I’m Healthy, So Sugar Won’t Hurt Me, Right?

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sugar health risks

While everyone has been taught that fat is bad, this was wrong. Turns out that the fat causes heart disease thing was a myth. The real public enemy has always been sugar. Now a new study shows just how damaging sugar can be.

Why Sugar Is Our Dietary Enemy

Besides the obvious, which is the inability to properly control weight, in recent years, sugar has been revealed to be quite harmful. It’s been linked to everything from cancer to heart disease to arthritis to unhealthy bacteria in the gut and much more.

Cancer cells, for example, thrive on sugar, and when there is an abundance of sugar, cancer cells can become too powerful for the immune system to destroy. Cancer cells occur in the body every single day, and our immune system does a great job at killing these cells before they turn into full-blown cancer.

Excessive sugar consumption can also change the environment in our gut, for the worse. It does this by throwing off the balance of good and bad gut bacteria (dysbiosis). Our bad gut bacteria also thrives on sugar and other junk foods, and when this happens the bad bacteria becomes the dominating force in the gut, leading to a whole host of problems, such as leaky gut, obesity, and more. Even Parkinson’s disease has been linked to the condition of our gut. Artificial sweeteners fare no better here, as these react like sugar and also damage the gut.

Cutting sugar has also been shown to benefit our stem cells. In fact, if you are considering a stem cell therapy using your own stem cells, ideally, your A1C should be at 5.1 or below, and a strict low-sugar, low-carb diet will help you get there. Additionally, sugar is a driving force behind metabolic syndrome common in middle age, which includes obesity, high blood pressure, type-2 diabetes, and more, and knee arthritis appears to be linked to metabolic syndrome and blood-sugar control.

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Sugar Health Risks: Can Healthy People Handle More Sugar?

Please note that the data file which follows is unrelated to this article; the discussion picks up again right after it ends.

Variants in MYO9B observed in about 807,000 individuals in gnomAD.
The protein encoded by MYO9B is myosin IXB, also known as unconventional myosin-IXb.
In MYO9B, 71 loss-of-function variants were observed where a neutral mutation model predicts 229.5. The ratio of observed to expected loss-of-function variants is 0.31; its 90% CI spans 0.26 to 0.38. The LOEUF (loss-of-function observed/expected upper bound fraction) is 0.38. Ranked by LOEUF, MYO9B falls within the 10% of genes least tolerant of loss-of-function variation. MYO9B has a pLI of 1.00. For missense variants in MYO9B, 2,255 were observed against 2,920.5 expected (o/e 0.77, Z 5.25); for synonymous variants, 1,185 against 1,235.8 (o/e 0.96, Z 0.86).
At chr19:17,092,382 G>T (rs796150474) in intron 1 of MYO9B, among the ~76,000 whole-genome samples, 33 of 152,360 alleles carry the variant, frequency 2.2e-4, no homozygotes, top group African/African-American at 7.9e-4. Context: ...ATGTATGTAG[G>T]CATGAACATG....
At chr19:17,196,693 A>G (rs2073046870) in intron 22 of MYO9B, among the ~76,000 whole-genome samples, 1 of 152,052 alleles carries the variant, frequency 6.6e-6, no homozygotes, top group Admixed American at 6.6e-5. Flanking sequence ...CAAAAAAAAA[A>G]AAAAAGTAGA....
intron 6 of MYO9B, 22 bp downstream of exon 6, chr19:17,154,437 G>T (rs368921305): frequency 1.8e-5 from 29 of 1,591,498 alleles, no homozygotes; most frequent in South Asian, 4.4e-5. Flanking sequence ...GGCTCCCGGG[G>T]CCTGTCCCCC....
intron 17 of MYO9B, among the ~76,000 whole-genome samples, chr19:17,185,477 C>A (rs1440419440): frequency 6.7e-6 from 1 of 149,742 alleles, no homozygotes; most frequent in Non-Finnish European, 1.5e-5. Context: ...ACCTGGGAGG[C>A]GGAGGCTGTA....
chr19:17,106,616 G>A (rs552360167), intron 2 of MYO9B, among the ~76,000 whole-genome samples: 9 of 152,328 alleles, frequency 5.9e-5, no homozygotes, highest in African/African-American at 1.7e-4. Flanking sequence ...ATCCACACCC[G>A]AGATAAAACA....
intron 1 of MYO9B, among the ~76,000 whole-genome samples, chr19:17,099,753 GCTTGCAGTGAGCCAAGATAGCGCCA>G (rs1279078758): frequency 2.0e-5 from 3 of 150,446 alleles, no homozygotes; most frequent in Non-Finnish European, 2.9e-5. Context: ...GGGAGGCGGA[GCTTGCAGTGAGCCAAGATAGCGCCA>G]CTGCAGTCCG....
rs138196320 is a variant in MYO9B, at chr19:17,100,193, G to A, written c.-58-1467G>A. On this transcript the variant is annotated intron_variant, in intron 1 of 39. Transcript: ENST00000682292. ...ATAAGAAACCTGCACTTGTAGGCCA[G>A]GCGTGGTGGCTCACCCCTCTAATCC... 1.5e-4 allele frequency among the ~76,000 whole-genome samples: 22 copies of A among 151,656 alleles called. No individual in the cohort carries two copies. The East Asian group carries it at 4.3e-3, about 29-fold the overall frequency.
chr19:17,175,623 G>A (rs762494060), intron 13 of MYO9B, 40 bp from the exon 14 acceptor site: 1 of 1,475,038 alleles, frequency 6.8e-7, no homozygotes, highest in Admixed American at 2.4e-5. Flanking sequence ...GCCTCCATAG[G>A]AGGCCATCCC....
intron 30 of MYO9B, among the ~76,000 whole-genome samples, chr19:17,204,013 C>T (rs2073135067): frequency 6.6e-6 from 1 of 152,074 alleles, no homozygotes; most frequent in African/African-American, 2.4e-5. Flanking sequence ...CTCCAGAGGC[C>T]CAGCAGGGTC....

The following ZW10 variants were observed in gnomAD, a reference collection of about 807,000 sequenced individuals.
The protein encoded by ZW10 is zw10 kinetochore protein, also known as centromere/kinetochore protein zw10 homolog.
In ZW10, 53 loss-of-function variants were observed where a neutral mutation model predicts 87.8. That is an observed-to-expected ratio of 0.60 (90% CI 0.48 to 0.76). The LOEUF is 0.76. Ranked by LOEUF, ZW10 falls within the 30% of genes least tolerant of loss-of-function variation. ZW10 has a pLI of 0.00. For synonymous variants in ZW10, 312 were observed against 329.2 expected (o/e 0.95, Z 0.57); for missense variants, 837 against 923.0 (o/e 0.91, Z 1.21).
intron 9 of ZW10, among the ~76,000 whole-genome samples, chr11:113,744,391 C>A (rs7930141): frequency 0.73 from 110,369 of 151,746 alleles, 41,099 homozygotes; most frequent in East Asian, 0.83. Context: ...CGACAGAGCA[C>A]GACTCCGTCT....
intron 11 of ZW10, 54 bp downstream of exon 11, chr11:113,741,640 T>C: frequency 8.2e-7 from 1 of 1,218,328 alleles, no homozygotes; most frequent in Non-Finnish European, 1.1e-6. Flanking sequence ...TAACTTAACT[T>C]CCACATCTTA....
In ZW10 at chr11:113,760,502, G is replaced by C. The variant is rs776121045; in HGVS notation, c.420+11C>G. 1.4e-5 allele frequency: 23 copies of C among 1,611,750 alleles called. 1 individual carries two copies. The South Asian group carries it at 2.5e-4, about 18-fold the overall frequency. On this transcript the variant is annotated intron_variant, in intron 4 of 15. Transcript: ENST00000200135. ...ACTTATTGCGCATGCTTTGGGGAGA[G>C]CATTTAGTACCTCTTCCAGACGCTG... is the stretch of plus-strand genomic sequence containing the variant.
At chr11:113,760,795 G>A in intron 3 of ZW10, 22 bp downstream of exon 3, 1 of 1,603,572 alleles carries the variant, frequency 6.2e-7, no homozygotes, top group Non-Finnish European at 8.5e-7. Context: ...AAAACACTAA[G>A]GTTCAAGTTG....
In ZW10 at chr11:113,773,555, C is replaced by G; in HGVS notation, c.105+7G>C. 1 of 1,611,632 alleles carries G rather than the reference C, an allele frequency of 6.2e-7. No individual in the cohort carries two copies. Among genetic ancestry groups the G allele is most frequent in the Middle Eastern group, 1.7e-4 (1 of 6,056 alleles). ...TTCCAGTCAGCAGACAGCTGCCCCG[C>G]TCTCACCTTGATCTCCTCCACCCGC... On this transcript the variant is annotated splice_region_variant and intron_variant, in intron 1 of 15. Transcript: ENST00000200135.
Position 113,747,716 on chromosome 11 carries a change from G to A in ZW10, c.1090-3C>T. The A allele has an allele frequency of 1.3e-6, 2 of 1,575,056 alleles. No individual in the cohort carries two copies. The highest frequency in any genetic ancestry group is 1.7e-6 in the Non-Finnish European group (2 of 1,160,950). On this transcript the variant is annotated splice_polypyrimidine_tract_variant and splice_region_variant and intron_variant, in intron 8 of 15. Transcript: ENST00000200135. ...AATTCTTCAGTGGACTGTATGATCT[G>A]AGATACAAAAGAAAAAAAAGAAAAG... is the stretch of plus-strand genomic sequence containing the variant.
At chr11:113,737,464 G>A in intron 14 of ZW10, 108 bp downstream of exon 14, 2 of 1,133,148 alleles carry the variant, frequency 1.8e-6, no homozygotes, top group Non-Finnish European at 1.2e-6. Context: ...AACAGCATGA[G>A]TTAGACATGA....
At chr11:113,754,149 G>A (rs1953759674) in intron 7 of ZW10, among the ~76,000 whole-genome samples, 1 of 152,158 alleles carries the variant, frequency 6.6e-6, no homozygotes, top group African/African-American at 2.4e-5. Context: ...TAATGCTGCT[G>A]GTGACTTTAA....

The new study compared the impact of sugar consumption on heart health in healthy and unhealthy men. The subjects in the study were separated into two groups: men with high levels of liver fat (with a condition called nonalcoholic fatty liver disease) and men with low levels of liver fat (the healthy subjects). The men in both groups were put on either a low-sugar (140 calories from sugar) or high-sugar (650 calories from sugar) diet.

After 12 weeks, the unhealthy men on the high-sugar diet experienced changes in fat metabolism that lead to heart disease, which would be expected. The more interesting finding, however was that the healthy men on the high-sugar diet had an increase in liver fat and also experienced these same changes in fat metabolism, thereby increasing their risk of heart disease as well. Another interesting finding was that men in both groups on the high-sugar diet gained weight, while men in both groups on the low-sugar diet lost weight.

The upshot? Sugar is awful. This holiday season you will be surrounded by the stuff. Don’t do it! Have a cookie or two or a glass of eggnog, but don’t let the sugar Santa get you!

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NOTE: This blog post provides general information to help the reader better understand regenerative medicine, musculoskeletal health, and related subjects. All content provided in this blog, website, or any linked materials, including text, graphics, images, patient profiles, outcomes, and information, are not intended and should not be considered or used as a substitute for medical advice, diagnosis, or treatment. Please always consult with a professional and certified healthcare provider to discuss if a treatment is right for you.

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